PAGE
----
Amazon Redshift update – ra3.4xlarge nodes
Since we launched Amazon Redshift as a cloud data warehouse service more than seven years ago, tens of thousands of customers built their workloads using it. We are always listening to your feedback and, in December last year, we announced our 3rd generation RA3 node type providing you the ability to scale compute and storage separately. Previous generation DS2 and DC2 nodes had a fixed amount of storage and required adding more nodes to your cluster to increase storage capacity. The new RA3 nodes let you determine how much compute capacity you need to support your workload and then scale the amount of storage based on your needs. The first member of the RA3 family was the
ra3.16xlarge which we heard from many customers was fantastic, but more than they needed for their workload needs.
Today we are adding a new smaller member to the RA3 family: the
The RA3 node type is based on AWS Nitro and includes support for Redshift managed storage. Redshift managed storage automatically manages data placement across tiers of storage and caches the hottest data in high-performance SSD storage while automatically offloading colder data to Amazon Simple Storage Service (S3). Redshift managed storage uses advanced techniques such as block temperature, data block age, and workload patterns to optimize performance.
RA3 nodes with managed storage are a great fit for analytics workloads that require massive storage capacity and can be a great fit for workloads such as operational analytics, where the subset of data that is most important evolves constantly over time. In the past, there was pressure to offload or archive old data to other storage because of fixed storage limits. This made maintaining the operational analytics data set and the larger historical dataset difficult to query when needed.
ra3.4xlarge node provides 12 vCPUs, 96 GiB of RAM, and addresses up to 64 Tb of managed storage. A cluster can contain up to 32 of these instances, for a total storage of 2048 TB (that’s 2 petabytes!).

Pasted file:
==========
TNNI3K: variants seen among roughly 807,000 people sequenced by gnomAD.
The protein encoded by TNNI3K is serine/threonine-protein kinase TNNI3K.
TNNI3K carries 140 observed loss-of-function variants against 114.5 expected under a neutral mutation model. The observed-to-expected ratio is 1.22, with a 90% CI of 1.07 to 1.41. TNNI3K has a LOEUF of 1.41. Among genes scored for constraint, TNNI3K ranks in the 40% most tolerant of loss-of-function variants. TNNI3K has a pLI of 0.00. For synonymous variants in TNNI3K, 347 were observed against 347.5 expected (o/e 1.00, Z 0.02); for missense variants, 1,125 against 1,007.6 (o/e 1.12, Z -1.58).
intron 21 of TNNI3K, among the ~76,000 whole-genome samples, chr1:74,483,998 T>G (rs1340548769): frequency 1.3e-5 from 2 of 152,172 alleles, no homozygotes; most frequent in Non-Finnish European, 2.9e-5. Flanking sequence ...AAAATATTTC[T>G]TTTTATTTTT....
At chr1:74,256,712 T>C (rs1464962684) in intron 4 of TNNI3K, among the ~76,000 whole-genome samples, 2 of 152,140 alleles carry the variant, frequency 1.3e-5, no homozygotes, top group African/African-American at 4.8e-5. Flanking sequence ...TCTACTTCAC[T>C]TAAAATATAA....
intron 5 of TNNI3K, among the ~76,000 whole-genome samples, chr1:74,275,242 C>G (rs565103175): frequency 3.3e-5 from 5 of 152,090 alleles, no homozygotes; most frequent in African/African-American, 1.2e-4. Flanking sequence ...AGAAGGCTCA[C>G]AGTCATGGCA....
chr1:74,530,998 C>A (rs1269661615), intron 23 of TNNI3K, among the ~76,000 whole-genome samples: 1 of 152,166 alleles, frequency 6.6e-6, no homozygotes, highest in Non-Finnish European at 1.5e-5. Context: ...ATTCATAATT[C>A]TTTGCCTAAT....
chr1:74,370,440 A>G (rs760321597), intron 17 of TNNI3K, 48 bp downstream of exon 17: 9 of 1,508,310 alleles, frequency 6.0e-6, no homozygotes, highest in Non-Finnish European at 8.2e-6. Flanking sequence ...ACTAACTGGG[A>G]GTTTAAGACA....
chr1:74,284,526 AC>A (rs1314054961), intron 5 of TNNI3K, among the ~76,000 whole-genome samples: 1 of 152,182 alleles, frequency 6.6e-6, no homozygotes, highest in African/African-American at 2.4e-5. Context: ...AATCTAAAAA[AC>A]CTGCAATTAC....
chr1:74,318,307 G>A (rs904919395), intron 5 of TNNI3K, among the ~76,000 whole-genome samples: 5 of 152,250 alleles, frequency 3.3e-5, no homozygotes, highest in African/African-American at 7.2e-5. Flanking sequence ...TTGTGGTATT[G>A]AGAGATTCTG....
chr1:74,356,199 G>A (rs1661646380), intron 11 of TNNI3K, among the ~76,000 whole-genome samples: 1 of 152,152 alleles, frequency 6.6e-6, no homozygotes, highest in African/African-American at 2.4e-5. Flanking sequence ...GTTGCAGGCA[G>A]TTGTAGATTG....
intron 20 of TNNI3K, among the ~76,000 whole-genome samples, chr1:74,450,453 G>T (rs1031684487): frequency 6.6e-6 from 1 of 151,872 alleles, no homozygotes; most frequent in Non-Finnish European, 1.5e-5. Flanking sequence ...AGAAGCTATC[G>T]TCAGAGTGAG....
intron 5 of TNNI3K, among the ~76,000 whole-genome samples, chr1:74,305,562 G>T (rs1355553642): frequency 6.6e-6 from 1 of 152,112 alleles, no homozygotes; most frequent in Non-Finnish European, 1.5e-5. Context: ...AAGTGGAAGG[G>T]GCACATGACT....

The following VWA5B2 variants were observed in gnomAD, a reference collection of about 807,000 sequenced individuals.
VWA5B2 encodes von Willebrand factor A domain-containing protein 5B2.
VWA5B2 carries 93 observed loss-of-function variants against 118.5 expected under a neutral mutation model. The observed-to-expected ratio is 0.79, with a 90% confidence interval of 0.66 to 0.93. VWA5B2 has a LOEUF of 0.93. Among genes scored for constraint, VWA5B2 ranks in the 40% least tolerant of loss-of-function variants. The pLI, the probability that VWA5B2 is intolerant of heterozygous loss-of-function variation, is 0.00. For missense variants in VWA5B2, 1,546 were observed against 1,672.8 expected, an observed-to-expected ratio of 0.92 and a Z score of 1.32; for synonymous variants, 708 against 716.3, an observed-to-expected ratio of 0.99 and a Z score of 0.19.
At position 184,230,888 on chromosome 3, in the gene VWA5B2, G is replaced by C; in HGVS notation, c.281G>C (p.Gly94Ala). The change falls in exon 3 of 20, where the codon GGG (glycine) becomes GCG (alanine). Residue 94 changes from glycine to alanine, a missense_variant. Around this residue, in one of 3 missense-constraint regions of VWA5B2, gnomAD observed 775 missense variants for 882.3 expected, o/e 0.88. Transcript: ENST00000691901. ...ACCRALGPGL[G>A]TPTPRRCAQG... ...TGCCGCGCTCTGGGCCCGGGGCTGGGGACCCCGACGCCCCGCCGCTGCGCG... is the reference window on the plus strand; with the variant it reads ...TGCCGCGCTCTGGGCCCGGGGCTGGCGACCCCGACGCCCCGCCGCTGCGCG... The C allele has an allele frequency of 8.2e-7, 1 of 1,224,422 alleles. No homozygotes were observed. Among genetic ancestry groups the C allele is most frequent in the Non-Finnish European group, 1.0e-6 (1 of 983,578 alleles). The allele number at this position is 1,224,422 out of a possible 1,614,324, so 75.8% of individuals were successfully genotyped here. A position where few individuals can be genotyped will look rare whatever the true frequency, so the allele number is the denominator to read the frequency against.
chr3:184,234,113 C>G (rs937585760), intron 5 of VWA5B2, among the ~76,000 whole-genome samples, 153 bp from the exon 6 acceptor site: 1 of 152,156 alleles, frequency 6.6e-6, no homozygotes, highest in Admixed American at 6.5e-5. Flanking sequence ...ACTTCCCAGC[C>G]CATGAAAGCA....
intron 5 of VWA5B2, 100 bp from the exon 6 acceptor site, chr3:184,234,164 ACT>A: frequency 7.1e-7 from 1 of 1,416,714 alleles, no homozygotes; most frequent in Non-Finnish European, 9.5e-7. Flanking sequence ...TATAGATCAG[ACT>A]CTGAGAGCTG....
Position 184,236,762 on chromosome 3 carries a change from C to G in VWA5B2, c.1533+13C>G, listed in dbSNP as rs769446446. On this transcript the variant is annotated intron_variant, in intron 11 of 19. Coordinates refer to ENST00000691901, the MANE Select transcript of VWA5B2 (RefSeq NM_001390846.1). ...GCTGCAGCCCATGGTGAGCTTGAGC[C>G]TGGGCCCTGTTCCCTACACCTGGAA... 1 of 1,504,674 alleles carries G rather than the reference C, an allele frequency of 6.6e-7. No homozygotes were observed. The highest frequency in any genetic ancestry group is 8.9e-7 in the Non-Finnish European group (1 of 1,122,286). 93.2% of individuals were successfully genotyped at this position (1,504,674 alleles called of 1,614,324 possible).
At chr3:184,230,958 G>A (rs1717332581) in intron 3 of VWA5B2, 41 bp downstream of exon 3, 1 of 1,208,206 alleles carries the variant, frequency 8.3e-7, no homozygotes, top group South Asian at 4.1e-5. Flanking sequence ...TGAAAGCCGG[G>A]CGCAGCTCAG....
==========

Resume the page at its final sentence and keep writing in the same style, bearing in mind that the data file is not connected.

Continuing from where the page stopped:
The differences between
ra3.4xlarge nodes are summarized in the table below.
(US East (N. Virginia))
||12||96 GiB||64TB RMS||2 GB/sec||$3.26 per Hour|
||48||384 GiB||64TB RMS||8 GB/sec||$13.04 per Hour|
To create a new cluster, I am using the Redshift AWS Management Console or AWS Command Line Interface (CLI). In the console. I click Create Cluster and choose
ra3.4xlarge instances. (Screenshot taken from Europe (Ireland) console, the price may slightly vary from one region to the other)
If you have a DS2 or DC2 instance-based cluster you create a new RA3 cluster to evaluate the new instance with managed storage. You use a recent snapshot of your Redshift DS2 or DC2 cluster to create a new cluster based on
ra3.4xlarge instances. You keep the two clusters running in parallel to evaluate the compute needs of your application.
You can resize your RA3 cluster at anytime by using elastic resize to add or remove compute capacity. If elastic resize is not available for your chosen configuration then you can do a classic resize.
RA3 instances are now available in 14 AWS Regions : US East (Ohio), US East (N. Virginia), US West (N. California), US West (Oregon), Asia Pacific (Seoul), Asia Pacific (Singapore), Asia Pacific (Sydney), Asia Pacific (Tokyo), Europe (Frankfurt), Europe (Ireland), Europe (London), Europe (Paris), Canada (Central), and South America (São Paulo).
The price vary from one region to the other, starting at $3.26/hr/node in US East (N. Virginia). Check the Amazon Redshift pricing page for details.-- seb